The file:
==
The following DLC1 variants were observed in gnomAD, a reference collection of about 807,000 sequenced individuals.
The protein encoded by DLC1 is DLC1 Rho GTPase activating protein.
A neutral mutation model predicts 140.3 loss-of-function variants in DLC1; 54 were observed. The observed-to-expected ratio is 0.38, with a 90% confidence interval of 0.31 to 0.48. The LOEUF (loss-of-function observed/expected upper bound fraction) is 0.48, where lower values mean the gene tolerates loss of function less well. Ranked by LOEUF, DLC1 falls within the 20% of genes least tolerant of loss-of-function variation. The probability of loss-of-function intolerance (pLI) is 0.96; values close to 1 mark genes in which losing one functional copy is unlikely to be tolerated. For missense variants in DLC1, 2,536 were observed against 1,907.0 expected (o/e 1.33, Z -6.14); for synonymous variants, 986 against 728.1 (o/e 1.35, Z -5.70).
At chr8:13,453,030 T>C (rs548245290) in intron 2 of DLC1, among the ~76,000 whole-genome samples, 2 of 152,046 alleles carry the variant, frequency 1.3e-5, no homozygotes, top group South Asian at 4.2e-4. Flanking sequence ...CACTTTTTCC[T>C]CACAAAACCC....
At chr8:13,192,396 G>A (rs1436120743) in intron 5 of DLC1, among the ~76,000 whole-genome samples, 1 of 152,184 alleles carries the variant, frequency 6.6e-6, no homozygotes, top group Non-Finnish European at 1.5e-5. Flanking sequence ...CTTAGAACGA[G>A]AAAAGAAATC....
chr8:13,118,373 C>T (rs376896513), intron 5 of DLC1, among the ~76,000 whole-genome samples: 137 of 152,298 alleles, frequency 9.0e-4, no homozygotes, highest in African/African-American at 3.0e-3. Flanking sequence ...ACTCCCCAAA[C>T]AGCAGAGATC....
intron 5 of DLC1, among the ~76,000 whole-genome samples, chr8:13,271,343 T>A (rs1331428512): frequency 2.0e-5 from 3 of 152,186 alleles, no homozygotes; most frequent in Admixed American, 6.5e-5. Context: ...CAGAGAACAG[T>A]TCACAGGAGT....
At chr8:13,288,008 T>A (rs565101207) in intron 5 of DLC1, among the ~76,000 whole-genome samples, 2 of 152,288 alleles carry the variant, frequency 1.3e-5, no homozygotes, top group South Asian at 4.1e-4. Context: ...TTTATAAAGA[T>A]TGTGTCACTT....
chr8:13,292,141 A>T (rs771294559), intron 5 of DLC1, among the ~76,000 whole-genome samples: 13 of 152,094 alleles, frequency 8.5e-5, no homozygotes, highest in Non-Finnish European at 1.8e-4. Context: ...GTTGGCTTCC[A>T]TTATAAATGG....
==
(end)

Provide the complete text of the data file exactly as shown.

The following DLC1 variants were observed in gnomAD, a reference collection of about 807,000 sequenced individuals.
The protein encoded by DLC1 is DLC1 Rho GTPase activating protein.
A neutral mutation model predicts 140.3 loss-of-function variants in DLC1; 54 were observed. The observed-to-expected ratio is 0.38, with a 90% confidence interval of 0.31 to 0.48. The LOEUF (loss-of-function observed/expected upper bound fraction) is 0.48, where lower values mean the gene tolerates loss of function less well. Ranked by LOEUF, DLC1 falls within the 20% of genes least tolerant of loss-of-function variation. The probability of loss-of-function intolerance (pLI) is 0.96; values close to 1 mark genes in which losing one functional copy is unlikely to be tolerated. For missense variants in DLC1, 2,536 were observed against 1,907.0 expected (o/e 1.33, Z -6.14); for synonymous variants, 986 against 728.1 (o/e 1.35, Z -5.70).
At chr8:13,453,030 T>C (rs548245290) in intron 2 of DLC1, among the ~76,000 whole-genome samples, 2 of 152,046 alleles carry the variant, frequency 1.3e-5, no homozygotes, top group South Asian at 4.2e-4. Flanking sequence ...CACTTTTTCC[T>C]CACAAAACCC....
At chr8:13,192,396 G>A (rs1436120743) in intron 5 of DLC1, among the ~76,000 whole-genome samples, 1 of 152,184 alleles carries the variant, frequency 6.6e-6, no homozygotes, top group Non-Finnish European at 1.5e-5. Flanking sequence ...CTTAGAACGA[G>A]AAAAGAAATC....
chr8:13,118,373 C>T (rs376896513), intron 5 of DLC1, among the ~76,000 whole-genome samples: 137 of 152,298 alleles, frequency 9.0e-4, no homozygotes, highest in African/African-American at 3.0e-3. Flanking sequence ...ACTCCCCAAA[C>T]AGCAGAGATC....
intron 5 of DLC1, among the ~76,000 whole-genome samples, chr8:13,271,343 T>A (rs1331428512): frequency 2.0e-5 from 3 of 152,186 alleles, no homozygotes; most frequent in Admixed American, 6.5e-5. Context: ...CAGAGAACAG[T>A]TCACAGGAGT....
At chr8:13,288,008 T>A (rs565101207) in intron 5 of DLC1, among the ~76,000 whole-genome samples, 2 of 152,288 alleles carry the variant, frequency 1.3e-5, no homozygotes, top group South Asian at 4.1e-4. Context: ...TTTATAAAGA[T>A]TGTGTCACTT....
chr8:13,292,141 A>T (rs771294559), intron 5 of DLC1, among the ~76,000 whole-genome samples: 13 of 152,094 alleles, frequency 8.5e-5, no homozygotes, highest in Non-Finnish European at 1.8e-4. Context: ...GTTGGCTTCC[A>T]TTATAAATGG....